Naing Min, a Rohingya villager in northern Rakhine, said he had witnessed border police officers and Myanmar Army soldiers driving people out of War Pate, a village in Maungdaw Township, in recent days.
“Then they’re burning the houses,” Mr. Naing Min said by telephone on Thursday. “I’ve seen this from a half-mile away.”
Abdul Rasheed, a Rohingya activist in Yangon, Myanmar’s cultural and business capital, said his contacts in northern Rakhine had documented 119 rapes and the burning or demolition of 700 to 800 homes since the attack this month on the border post. More than 200 people there had also been killed by the authorities or disappeared, he added, and many others were wounded by gunfire but unable to find medical treatment. He said he based his assessment on telephone conversations with more than 20 people in the area.
Mr. Rasheed said he worried that the military’s response to the initial attack may only aggravate the grievances that many Rohingya have harbored against the Myanmar government for years, driving them to further violence.
“Many people may resist against this lawless action,” he said in a WhatsApp message on Thursday. “Could be harmful for our people.”
Videos have circulated online this month that appear to show groups of heavily armed Rohingya men calling for jihad against the authorities. Activists and government officials say the videos appear to be authentic. But Fortify Rights, an advocacy group in Southeast Asia, has said the videos are unusual and should not be taken as signs of widespread militancy among Muslims in the area.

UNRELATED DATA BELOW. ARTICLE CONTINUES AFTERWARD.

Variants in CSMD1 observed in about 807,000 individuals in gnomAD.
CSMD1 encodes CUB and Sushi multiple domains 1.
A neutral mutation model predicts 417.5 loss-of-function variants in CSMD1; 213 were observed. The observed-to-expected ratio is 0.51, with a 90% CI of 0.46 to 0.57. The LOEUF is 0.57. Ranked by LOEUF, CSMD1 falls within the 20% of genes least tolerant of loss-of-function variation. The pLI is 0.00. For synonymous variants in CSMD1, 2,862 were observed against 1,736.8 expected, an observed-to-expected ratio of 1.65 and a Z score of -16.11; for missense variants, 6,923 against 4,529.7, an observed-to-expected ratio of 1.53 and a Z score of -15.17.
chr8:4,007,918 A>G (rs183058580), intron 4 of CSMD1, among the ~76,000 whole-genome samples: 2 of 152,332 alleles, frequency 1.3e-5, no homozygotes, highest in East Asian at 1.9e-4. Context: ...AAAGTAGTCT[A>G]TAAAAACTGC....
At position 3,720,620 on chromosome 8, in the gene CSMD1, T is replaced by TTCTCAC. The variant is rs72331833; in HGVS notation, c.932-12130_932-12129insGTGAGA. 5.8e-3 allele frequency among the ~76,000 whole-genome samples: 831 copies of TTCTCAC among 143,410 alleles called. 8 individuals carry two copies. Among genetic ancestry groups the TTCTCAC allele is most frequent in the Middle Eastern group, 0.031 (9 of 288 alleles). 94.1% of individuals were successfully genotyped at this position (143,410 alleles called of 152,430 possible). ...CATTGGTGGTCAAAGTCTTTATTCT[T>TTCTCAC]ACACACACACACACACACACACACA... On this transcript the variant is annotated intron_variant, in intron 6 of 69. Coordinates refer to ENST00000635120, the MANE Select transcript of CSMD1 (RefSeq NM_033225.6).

Chris Lewa, a Rohingya rights advocate in Thailand, said that shootings and house burnings had appeared to taper off in northern Rakhine but that the authorities were now arresting community and religious leaders, many of whom had not yet been released.
“What exactly happens to them once they get arrested?” Ms. Lewa asked. “We’re of course concerned they would be tortured.”
Myanmar’s de facto leader, Daw Aung San Suu Kyi, has called for investigations into the violence in northern Rakhine and cautioned against making accusations without evidence. Other officials have denied any wrongdoing.
“We haven’t done anything lawless,” U Zaw Htay, a spokesman for Myanmar’s president, U Htin Kyaw, said in response to the statement by the United Nations, according to the Irrawaddy, a website and magazine that covers Myanmar.
The United Nations World Food Program, which provides food assistance for tens of thousands in Rakhine, said that it had begun distributing cash assistance on Wednesday to 20,000 people from vulnerable households in Buthidaung Township and that several schools in Buthidaung and Maungdaw had reopened after being closed this month.
But an official at the agency, Arsen Sahakyan, said that the planned distribution of food supplements to 17,000 pregnant women, nursing mothers and malnourished children in areas only accessible by river was delayed and that the agency would resume giving food to 50,000 people in Maungdaw once the area became accessible. It was also “assessing the feasibility,” he added, of resuming a program that normally feeds 65,000 students.